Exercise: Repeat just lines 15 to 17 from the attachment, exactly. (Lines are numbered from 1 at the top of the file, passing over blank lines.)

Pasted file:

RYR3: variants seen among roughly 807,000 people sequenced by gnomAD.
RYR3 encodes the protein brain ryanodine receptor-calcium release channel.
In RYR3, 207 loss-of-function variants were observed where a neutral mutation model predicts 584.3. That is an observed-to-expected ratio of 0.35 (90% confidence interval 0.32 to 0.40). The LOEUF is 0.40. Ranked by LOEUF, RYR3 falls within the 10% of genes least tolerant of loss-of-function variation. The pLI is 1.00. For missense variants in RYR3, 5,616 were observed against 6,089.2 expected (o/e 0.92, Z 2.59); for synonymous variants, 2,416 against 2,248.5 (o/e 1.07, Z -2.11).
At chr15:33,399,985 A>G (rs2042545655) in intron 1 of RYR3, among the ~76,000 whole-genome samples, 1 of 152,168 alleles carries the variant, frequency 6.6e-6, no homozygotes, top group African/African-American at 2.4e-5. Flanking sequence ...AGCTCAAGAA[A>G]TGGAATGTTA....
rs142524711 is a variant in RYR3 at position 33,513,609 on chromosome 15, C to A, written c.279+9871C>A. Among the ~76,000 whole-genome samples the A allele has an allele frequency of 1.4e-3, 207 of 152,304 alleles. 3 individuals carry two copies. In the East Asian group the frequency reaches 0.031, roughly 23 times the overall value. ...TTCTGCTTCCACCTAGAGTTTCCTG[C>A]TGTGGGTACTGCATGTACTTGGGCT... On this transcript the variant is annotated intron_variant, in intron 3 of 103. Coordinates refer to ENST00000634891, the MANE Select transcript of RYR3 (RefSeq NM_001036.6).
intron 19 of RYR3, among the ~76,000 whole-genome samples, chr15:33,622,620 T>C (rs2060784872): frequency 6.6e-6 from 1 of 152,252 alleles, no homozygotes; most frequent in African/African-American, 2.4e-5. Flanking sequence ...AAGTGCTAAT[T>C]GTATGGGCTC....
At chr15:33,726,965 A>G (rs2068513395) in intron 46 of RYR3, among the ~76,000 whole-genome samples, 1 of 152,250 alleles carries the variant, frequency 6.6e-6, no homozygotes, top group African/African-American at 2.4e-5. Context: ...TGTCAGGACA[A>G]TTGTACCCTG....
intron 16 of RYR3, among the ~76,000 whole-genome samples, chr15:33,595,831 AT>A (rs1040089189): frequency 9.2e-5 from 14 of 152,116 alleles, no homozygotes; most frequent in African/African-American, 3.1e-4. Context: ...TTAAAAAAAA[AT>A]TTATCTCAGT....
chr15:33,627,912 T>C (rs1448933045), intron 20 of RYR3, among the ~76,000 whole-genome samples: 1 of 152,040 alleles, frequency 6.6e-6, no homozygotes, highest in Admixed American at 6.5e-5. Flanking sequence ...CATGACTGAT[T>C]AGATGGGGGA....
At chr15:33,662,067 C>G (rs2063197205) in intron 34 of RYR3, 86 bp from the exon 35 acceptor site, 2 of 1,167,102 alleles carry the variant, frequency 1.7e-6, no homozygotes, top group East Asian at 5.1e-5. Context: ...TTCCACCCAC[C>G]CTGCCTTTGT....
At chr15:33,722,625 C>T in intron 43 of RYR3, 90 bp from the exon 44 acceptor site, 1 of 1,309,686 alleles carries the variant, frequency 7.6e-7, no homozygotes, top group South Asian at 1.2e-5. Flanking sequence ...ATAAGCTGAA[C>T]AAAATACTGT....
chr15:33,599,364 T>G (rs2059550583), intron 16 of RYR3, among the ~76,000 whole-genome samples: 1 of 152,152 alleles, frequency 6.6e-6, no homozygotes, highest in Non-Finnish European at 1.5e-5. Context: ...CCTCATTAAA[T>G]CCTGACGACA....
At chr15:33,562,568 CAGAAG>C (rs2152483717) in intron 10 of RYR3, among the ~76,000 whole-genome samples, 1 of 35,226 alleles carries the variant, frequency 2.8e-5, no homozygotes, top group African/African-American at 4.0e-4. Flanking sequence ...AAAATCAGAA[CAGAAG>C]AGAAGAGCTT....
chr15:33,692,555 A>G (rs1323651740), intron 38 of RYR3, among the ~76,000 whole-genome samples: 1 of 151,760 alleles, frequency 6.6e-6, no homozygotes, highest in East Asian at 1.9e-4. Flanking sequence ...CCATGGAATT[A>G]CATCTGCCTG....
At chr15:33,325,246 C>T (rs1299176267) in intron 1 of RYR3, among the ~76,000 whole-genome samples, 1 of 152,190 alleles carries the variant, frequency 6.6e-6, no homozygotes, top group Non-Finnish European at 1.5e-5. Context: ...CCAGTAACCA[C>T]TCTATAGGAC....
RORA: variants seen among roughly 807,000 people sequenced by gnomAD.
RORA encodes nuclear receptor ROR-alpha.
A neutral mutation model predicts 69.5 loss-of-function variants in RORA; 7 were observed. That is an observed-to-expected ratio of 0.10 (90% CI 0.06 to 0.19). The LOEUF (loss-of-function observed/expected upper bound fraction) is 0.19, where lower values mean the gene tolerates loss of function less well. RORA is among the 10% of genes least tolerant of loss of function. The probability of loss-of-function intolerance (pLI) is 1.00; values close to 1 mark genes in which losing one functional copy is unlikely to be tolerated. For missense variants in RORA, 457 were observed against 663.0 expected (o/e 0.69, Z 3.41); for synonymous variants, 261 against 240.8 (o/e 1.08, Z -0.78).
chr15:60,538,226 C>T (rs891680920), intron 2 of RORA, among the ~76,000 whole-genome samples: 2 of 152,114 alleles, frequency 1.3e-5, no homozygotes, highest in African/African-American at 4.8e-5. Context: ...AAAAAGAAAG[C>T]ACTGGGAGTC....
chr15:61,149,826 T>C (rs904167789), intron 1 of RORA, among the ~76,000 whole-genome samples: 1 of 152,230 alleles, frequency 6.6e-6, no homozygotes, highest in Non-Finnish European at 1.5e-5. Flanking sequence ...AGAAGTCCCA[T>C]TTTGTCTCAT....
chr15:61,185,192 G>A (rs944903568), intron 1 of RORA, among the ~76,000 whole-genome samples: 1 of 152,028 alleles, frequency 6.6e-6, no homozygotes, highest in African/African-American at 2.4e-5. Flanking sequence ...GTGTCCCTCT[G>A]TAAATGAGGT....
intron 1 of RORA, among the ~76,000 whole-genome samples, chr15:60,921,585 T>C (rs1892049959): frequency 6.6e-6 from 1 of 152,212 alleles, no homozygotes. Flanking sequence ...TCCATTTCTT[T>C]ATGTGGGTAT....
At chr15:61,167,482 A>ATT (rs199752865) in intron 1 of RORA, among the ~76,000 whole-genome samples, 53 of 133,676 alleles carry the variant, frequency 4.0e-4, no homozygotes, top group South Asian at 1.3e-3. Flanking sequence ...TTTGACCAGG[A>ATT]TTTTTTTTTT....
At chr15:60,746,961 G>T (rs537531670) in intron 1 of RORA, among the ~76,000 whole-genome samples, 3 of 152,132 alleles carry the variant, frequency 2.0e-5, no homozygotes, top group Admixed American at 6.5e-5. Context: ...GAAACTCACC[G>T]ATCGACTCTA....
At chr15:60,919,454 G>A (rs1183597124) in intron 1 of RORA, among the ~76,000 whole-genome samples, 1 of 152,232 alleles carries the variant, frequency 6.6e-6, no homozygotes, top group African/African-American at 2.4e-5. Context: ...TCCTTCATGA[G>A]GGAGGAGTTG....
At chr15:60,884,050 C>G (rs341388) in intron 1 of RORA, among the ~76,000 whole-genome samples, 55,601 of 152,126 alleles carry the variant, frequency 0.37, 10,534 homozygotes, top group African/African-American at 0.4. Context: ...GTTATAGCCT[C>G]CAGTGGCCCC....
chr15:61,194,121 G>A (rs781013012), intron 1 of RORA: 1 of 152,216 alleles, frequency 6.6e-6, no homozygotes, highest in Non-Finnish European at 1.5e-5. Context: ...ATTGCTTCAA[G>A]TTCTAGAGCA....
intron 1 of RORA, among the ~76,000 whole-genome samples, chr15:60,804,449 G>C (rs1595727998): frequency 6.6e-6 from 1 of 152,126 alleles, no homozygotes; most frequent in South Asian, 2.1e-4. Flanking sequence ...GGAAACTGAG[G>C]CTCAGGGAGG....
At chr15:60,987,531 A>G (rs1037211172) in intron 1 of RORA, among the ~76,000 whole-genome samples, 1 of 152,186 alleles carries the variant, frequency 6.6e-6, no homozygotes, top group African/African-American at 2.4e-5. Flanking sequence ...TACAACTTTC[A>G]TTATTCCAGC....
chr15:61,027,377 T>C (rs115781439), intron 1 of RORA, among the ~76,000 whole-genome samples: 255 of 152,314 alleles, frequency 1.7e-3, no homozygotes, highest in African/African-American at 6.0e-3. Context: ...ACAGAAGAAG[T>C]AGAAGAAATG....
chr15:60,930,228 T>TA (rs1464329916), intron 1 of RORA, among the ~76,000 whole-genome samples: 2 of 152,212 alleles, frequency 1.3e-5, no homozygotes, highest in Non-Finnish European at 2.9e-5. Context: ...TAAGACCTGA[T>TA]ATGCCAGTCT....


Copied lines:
At chr15:33,325,246 C>T (rs1299176267) in intron 1 of RYR3, among the ~76,000 whole-genome samples, 1 of 152,190 alleles carries the variant, frequency 6.6e-6, no homozygotes, top group Non-Finnish European at 1.5e-5. Context: ...CCAGTAACCA[C>T]TCTATAGGAC....
RORA: variants seen among roughly 807,000 people sequenced by gnomAD.
RORA encodes nuclear receptor ROR-alpha.